Similarly, the STS-61N crew - minus Mike McCulley, who was replaced by Dick Richards, and Frank Casserino, who returned to the US Air Force - would fly Columbia's first mission after the Challenger disaster. That, however, could not have been further from their minds in 1986 as each became immersed in the plans to return the Shuttle fleet to operations. A huge number of modifications, implemented on the recommendations of the presidential commission, had to be made to Columbia before she could fly again and her managers quickly found their ship in 'third place' in the pecking order behind Discovery and Atlantis.
It was at around this time that, again for reasons best known to NASA management, the agency reverted to its original numbering system for Shuttle missions. The first flight after Challenger would be the 26th and, logically, was labelled STS-26. Atlantis would fly STS-27 and Columbia was scheduled for STS-28 to deploy a classified Department of Defense payload. Early in 1988, she also received her crew for the mission: Shaw, Richards, Adamson, Leestma and Brown. Of the quintet, Shaw had flown twice before - including the Spacelab-1 mission -and Leestma once. The others would be making their first trips into orbit.
''At the time,'' remembered Leestma, ''Discovery was going to fly first, then Atlantis and then Columbia. [I was] assigned to Columbia and they were having a hard time. This was its big 'down' period to make it look like the other orbiters that had been built, and since Columbia had been built earlier, there were a lot of differences. So it was still in the process of being modified and put back together, so it didn't make 28. It slipped too, when they flew Discovery and Atlantis one more time each before we finally flew in the summer of 1989.''
A busy year cut short 101
Columbia entered OPF Bay 2 on 24 June 1986 and from thence was transferred to the VAB's High Bay 2 for storage in mid-March of the following year. From September 1987 until July 1988 she underwent low-key attention in the Orbiter Maintenance and Refurbishment Facility (OMRF) - later to become the third OPF bay - and at the end of January 1989 she finally began STS-28 processing in earnest. Her External Tank was mated to its boosters on 23 May and, after the addition of Columbia to the stack, the complete STS-28 vehicle was rolled out to Pad 39B on 15 July.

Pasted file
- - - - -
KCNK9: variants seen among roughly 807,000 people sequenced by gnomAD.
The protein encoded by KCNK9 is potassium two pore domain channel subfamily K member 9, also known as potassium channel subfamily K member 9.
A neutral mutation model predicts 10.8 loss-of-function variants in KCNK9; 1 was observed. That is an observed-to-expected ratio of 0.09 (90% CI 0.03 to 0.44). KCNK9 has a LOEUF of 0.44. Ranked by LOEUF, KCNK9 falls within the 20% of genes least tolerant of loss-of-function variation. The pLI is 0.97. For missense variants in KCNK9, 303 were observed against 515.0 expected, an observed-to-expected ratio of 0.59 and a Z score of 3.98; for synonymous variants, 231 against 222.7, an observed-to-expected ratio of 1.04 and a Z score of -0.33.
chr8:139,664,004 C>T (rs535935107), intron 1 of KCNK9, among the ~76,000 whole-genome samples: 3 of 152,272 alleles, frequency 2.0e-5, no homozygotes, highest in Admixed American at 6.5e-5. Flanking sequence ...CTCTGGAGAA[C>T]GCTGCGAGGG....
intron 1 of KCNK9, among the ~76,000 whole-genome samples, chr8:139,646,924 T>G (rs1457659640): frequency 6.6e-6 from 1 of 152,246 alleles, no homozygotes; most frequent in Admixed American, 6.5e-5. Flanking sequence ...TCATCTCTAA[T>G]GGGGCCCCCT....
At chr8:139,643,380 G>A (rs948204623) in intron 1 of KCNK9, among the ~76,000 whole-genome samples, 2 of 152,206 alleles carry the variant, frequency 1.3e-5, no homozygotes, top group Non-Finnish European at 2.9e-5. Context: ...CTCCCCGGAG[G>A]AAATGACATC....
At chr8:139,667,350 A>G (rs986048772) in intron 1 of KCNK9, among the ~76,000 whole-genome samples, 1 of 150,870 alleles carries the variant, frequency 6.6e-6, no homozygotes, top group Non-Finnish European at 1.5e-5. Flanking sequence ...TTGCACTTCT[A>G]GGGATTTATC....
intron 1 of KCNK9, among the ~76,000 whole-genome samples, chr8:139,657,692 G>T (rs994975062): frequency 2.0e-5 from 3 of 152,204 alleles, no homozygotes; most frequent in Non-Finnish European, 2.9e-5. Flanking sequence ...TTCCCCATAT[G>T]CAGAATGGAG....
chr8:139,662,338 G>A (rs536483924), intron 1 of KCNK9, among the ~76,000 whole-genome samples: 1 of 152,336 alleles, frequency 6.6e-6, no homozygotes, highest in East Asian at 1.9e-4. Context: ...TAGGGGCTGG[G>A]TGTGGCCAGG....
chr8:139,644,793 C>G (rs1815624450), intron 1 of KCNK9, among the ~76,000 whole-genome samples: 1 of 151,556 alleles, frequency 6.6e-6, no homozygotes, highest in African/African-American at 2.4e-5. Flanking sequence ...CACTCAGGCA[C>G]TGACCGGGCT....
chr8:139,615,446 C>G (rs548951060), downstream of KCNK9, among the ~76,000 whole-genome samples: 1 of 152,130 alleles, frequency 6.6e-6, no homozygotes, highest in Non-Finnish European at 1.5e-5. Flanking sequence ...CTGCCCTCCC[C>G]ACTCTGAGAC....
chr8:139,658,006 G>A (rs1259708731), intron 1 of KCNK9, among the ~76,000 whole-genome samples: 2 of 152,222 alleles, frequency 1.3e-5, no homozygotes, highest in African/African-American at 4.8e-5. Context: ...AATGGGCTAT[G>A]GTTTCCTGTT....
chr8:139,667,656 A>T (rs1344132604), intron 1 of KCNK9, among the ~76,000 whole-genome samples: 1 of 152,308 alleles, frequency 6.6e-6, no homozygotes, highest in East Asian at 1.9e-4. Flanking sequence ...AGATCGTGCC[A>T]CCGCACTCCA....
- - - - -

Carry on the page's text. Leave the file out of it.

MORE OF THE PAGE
More than 250 modifications were incorporated into Columbia during the postChallenger period: among the most important were the addition of a reinforced carbon-carbon 'chin' just behind and underneath her nose, installation of a new telescopic pole to enable astronauts to escape from the vehicle during the later phase of re-entry, and improvements to her wiring, power-distribution system and thermal protection tiles and blankets. She also received upgraded GPCs, new fuel cells and APU controllers. Although these modifications added 1,130 kg of weight to Columbia, some of this was saved by replacing more than 2,300 protective tiles with newer-specification thermal blankets.
''There was an opportunity to look at the whole system and make it as good as it could be,'' said Arnie Aldrich, who became director of the Shuttle programme in 1986, ''and I think the Shuttle benefited tremendously from that. What we found was that [with] all the pressure to get to [the] first flight, there'd been a lot of decisions made about, 'We'll live with this for now, but we'll fix it later', and so there were a lot of things that troubled people, that we wanted fixed, but there was never time. And once we started flying, the flights came so quick one after another, you couldn't stop and fix anything. So we got all of this on the table and we made a lot of changes and made the Shuttle a lot better. In fact, some of the changes to the main engine[s had] literally taken over a decade to make! They were just completed some 10 years later! So it was a time to take a lot of stock."
Although the technical cause of the disaster was corrected, and many other potential problems were also addressed, the problem of a two-and-a-half-year downtime worried many within NASA. "I was concerned about the long delay between flights," said Henry Pohl, "and primarily the technicians that put [the Shuttle] together. If you're doing something every day and it's kinda routine, you remember what to do, but now if I don't do it for nine months or a year and then try to start up, you don't exactly remember how you went about doing those things.''